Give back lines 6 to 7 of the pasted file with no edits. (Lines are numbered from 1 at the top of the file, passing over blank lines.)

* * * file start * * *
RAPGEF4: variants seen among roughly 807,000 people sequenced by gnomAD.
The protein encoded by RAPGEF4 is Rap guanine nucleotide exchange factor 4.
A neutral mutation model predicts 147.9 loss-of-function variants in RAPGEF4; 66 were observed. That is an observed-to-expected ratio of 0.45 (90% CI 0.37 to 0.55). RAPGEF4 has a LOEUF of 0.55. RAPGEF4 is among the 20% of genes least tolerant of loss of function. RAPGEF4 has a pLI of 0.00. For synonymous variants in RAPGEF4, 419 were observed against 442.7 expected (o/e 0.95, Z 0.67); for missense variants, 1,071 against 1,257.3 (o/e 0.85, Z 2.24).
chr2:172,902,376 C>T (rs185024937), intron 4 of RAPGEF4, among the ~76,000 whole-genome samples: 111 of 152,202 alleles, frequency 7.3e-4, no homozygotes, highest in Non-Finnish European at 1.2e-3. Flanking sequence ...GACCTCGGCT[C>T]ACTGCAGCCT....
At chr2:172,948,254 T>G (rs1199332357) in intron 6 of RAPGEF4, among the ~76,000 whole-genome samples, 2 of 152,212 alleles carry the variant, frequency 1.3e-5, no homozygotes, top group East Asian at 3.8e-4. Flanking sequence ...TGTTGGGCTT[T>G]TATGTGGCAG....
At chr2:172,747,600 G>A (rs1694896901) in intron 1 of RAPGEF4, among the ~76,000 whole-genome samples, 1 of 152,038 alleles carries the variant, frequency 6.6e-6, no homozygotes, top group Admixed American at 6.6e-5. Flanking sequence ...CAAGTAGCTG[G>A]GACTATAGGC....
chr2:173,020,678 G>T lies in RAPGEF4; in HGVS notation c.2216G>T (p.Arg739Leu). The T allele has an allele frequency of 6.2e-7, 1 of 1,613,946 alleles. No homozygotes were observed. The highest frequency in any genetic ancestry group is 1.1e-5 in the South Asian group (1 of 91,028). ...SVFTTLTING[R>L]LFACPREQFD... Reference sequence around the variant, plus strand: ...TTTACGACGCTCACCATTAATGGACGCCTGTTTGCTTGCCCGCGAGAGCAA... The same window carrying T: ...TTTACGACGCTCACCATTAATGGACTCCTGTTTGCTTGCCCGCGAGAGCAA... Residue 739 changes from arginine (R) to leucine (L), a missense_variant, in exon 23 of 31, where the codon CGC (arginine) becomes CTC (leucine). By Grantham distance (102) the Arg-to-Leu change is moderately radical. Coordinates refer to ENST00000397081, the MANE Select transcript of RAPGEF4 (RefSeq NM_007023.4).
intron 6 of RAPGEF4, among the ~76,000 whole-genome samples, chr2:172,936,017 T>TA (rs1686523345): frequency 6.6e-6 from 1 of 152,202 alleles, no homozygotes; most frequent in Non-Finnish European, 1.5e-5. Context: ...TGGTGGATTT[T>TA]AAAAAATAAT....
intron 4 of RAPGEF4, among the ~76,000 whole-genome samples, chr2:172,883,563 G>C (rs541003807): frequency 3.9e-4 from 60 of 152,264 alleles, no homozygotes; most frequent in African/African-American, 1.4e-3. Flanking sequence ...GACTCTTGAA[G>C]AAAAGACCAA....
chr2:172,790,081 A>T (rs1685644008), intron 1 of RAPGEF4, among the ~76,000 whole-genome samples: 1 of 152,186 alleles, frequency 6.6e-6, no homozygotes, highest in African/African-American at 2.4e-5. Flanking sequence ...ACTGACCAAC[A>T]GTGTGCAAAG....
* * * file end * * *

At chr2:172,747,600 G>A (rs1694896901) in intron 1 of RAPGEF4, among the ~76,000 whole-genome samples, 1 of 152,038 alleles carries the variant, frequency 6.6e-6, no homozygotes, top group Admixed American at 6.6e-5. Flanking sequence ...CAAGTAGCTG[G>A]GACTATAGGC....
chr2:173,020,678 G>T lies in RAPGEF4; in HGVS notation c.2216G>T (p.Arg739Leu). The T allele has an allele frequency of 6.2e-7, 1 of 1,613,946 alleles. No homozygotes were observed. The highest frequency in any genetic ancestry group is 1.1e-5 in the South Asian group (1 of 91,028). ...SVFTTLTING[R>L]LFACPREQFD... Reference sequence around the variant, plus strand: ...TTTACGACGCTCACCATTAATGGACGCCTGTTTGCTTGCCCGCGAGAGCAA... The same window carrying T: ...TTTACGACGCTCACCATTAATGGACTCCTGTTTGCTTGCCCGCGAGAGCAA... Residue 739 changes from arginine (R) to leucine (L), a missense_variant, in exon 23 of 31, where the codon CGC (arginine) becomes CTC (leucine). By Grantham distance (102) the Arg-to-Leu change is moderately radical. Coordinates refer to ENST00000397081, the MANE Select transcript of RAPGEF4 (RefSeq NM_007023.4).